Colloque International : « Vladimir Nabokov et la France »
Les Chercheurs enchantés : Société Française Vladimir Nabokov
Paris, 30 mai-1er juin 2013
LEVING, Yuri – Faculty of Art and Social Sciences, Dalhousie University, Canada
French Theory, Russian Legacy: Reading Nabokov with Pierre Bourdieu
In this paper I will provide a critical context for understanding issues that dominate Nabokov’s art and social discussions of literary fame, politics of bestselling, prize distribution, and posthumous legacies in literature – an activity which Pierre Bourdieu defines as “enterprises with a long production cycle, founded on the acceptance of the risk inherent in cultural investments and above all on submission to the specific laws of the art trade.” Relying on the critical theory of P. Bourdieu, the leading French sociologist, anthropologist, and philosopher, I am going to examine the creation and maintenance of Nabokov’s literary reputation within the Russian literary tradition from the perspective of the economics of culture.
Literature is not only about aesthetics, but almost equally about economics. The successful marketing of an author and his literary works is more dependent on the activities of cultural merchants than on the particular words and phrases found in the author’s prose. While alive, the author must work with these cultural merchants in order to sustain his place within the literary market. Once the author is dead, the real work of maintaining a posthumous legacy begins for friends, family, scholars and publishers, in order to continue to profit from the deceased’s creative works, becoming a literary industry of its own.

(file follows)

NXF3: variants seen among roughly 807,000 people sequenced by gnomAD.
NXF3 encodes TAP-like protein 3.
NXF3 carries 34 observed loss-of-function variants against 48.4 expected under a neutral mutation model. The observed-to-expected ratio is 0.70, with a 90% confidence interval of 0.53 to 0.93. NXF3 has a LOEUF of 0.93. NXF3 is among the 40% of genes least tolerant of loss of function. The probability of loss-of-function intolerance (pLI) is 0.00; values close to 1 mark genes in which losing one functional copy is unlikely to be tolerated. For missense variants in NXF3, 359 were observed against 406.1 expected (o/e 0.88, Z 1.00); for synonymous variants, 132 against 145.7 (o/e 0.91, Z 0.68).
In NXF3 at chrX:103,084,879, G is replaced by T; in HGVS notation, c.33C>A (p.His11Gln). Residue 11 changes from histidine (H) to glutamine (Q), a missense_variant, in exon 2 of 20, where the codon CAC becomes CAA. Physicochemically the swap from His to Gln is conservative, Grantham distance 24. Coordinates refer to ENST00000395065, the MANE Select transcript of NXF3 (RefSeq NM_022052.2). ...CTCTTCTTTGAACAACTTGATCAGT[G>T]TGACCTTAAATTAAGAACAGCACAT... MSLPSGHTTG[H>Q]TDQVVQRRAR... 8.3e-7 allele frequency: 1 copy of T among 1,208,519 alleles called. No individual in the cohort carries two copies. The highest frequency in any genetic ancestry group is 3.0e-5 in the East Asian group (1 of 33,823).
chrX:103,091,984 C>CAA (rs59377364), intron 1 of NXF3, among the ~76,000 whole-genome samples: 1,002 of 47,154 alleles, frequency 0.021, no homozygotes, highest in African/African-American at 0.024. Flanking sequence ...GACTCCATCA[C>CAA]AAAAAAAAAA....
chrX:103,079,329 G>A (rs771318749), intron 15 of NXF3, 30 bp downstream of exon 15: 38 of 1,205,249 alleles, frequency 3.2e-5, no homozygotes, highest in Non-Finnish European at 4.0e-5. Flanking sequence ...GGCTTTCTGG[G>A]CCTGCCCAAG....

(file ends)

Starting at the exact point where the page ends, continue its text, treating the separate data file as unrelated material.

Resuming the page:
Bourdieu’s critical theory and his French academic adepts put forth an argument that cultural interactions are understood as transactions of tangible and intangible products within an economic framework of markets, exchange value, price and other such concepts. These economic exchanges of culture result in what Pierre Bourdieu calls symbolic capital, bestowing individual artist’s with the reputation for competence and an image of respectability. Nabokov’s symbolic capital is transmitted to writers by agents and institutions possessing the economic and cultural capital necessary to confer relative value for the creative gesture. Economics, therefore, play an underlying role in this mutually advantageous relationship.
Yuri Leving is Professor and Chair in the Department of Russian Studies, Dalhousie University, Canada. He is the author of three monographs: Keys to The Gift. A Guide to V. Nabokov’s Novel (2011), Upbringing by Optics: Book Illustration, Animation, and Text (2010), Train Station – Garage – Hangar. Vladimir Nabokov and the Poetics of Russian Urbanism (2004, Short-listed for Andrey Bely Prize), and has also edited and co-edited five volumes of articles: Shades of Laura. Vladimir Nabokov’s Last Novel The Original of Laura (forthcoming), Anatomy of a Short Story (New York: Continuum, 2012, with an afterword by John Banville), The Goalkeeper: The Nabokov Almanac (2010), Eglantine: A Collection of Philological Essays to Honour the Sixtieth Anniversary of Roman Timenchik (2005), and Empire N. Nabokov and His Heirs (2006). Leving has published over 70 scholarly articles on various aspects of Russian and comparative literature. He served as a commentator on the first authorized Russian edition of The Collected Works of Vladimir Nabokov in five volumes (1999-2001), and was the curator for the exhibition “Nabokov’s Lolita: 1955-2005” in Washington, D.C., which celebrated the 50th anniversary of the publication of Lolita. Leving is the founding editor of the Nabokov Online Journal (since 2007).
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